A Canadian couple’s desire for an uncluttered log home results in a minimalist look throughout their 2,000-square-foot home.
This small and cozy log cabin is a showcase for Dominique Fournier, the owner, builder, and founder of Confort Nature, a company specializing in designing and building log cabin homes. When clients want to see his work, he first shows them his personal home, for it is a model of fine craftsmanship, combining old and traditional woodworking methods with state-of-the-art technologies. The interior decor conveys an atmosphere of understated elegance that is very Zen in its sobriety. “The uncluttered interior with just the basics to sustain a comfortable and eco-friendly lifestyle for me and my wife really lets the prospective client see the architectural elements of the home and not our personal furnishings,” explains Dominique.
Fitting snugly on a forested lot in the village of Saint-Donat in the Lanaudière region of Quebec, its steep, gabled roof clad with sheet-metal panels gives it a distinctive Scandinavian look. Its dark color contrasts with the lighter shade of the timber and the surrounding greenery. Though Dominique has built bigger log homes, he built his own modest cabin just 32×32 in size, totaling 2,030 square feet of living space. This suits his needs just fine.
About 60 Eastern red pine trees were needed for the construction, with each log carved manually with a chain saw and wood chisel, using Scandinavian woodworking techniques. The bulk of the work was done at the company’s outdoor workshop with the various components assembled on the site to make sure everything fitted just right before loading them on to a flatbed truck for shipping to the construction site.
Inside, nothing distracts the eye from the natural beauty of the smooth textured logs: no paintings on the walls, no drapes on the windows, and no trinkets anywhere, just open space and timber in its purest form. In the living room, a huge white sectional sofa accentuates this purity of line. Despite the absence of bright colors, the house feels quite warm and inviting. Of particular note, there is no fireplace or wood stove to be found anywhere in the house, which is most unusual in a log home. “When we planned the house, we were not sure where to put one,” explains Dominique. “So we decided to wait and see. Finally, we liked the feel of having a wide-open area, which would have been fragmented with a fireplace or stove in the middle of the room.”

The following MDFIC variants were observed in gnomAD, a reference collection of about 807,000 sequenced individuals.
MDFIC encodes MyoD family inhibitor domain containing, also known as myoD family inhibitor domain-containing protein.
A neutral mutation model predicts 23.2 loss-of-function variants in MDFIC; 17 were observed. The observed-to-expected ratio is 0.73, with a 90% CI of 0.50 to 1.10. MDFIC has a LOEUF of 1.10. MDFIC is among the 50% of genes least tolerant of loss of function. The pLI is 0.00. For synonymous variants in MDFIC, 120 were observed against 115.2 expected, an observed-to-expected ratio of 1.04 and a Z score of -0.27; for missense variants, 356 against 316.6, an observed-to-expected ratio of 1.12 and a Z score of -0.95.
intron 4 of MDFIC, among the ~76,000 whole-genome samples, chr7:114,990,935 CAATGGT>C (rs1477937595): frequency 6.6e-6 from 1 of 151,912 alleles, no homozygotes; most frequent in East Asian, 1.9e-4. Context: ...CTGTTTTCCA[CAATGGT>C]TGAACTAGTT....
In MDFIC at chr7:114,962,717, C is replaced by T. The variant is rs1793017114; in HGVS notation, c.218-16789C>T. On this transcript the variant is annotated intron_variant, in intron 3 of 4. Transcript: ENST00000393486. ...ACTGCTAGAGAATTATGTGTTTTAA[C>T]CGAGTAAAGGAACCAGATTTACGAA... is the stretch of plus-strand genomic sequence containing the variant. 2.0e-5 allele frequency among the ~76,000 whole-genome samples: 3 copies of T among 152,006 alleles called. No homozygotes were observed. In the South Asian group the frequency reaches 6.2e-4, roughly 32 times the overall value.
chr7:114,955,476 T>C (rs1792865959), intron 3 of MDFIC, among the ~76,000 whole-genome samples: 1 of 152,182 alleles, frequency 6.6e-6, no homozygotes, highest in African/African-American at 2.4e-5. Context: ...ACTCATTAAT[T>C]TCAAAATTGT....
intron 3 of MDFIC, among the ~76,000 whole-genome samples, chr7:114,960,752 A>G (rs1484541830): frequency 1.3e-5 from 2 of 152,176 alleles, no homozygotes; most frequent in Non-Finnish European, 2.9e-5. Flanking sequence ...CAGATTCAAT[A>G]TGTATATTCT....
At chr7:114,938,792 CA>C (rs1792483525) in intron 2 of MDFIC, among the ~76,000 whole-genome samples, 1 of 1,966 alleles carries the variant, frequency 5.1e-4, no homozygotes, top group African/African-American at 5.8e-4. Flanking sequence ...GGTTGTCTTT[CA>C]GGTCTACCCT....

For comfort, the couple opted for new technologies: an air exchanger, a heat-recovery system, and radiant floors under the ceramic tiles. A single bare-bulb lighting fixture hanging from the ceiling exemplifies this minimalist look in the kitchen. Anywhere else, it would look incongruous, but in this home, it works. Additional kitchen lighting comes from the tiny recessed spotlights in the ceiling. The heated ceramic floor matches the gray counters and the metal stools echo the appliances.
To introduce contrast in the decor, the red pine floorboards, the window frames, and the beams in the ceiling have been stained a darker shade than the logs. In the dining room area, a steel T-bar lighting fixture holds four dangling bare bulbs that hang over the table. Dominique made this fixture with recycled, leftover pieces of the staircase handrails, a simple, stylish, and contemporary design that reduces waste and saves money.
Dominique didn’t want an all-timber staircase located in the center of the living room. “It would have been just too much wood,” he says. Instead, he used a very linear, symmetrical, airy steel banister. The stringers of the staircase are made from a single log, cut in two lengthwise, and the steps are solid wood. Details of a corner wall next to the entryway show the Scandinavian technique. The logs have a half-moon shape on the bottom for snug fitting, and the corners are scribed (cut and formed) into an interlocking saddle notch. The small cracks, also known as checks, are the result of shrinkage due to the timber drying over time, a normal, natural process in all log homes. The precision-fit logs provide good natural insulation. In addition, a few strips of high-rated R-value insulation material were used between each log and in the corners.
The master bedroom reflects the couple’s philosophy of “less is better.” A king-sized bed and two nightstands compose a simple decor under the slanted ceiling. Here again, different shades of wood break the monotone color palette. The adjacent bathroom comprises a ceramic-tile glass shower stall and an elegant free-standing bathtub equipped with a tall floor-mounted, free-standing faucet. The vanity with its square washbasin offers ample storage space, just like the tall dark column in the corner, which serves as a medicine cabinet.
For his son’s bedroom, Dominique let fantasy take over. Not only are the walls painted a light spring-forest green, but one of them is a climbing wall. At the top, there is a hiding place, which is perfect when playing hide-and-seek. Most of the time, though, the family plays outdoors, which is the reason they chose to settle in the village of Saint-Donat. After fun, fresh air, and lots of exercise options to choose from, it is a real and genuine pleasure to retire to the warmth and serenity of the log house where, in Dominique’s words, “there is ample space for contemplation.”
- Log Home Producer and Builder: Comfort Nature, Quebec, Canada
- Two-story home
- Square footage: 2,030
- Bedrooms: 2
- Bathrooms: 1.5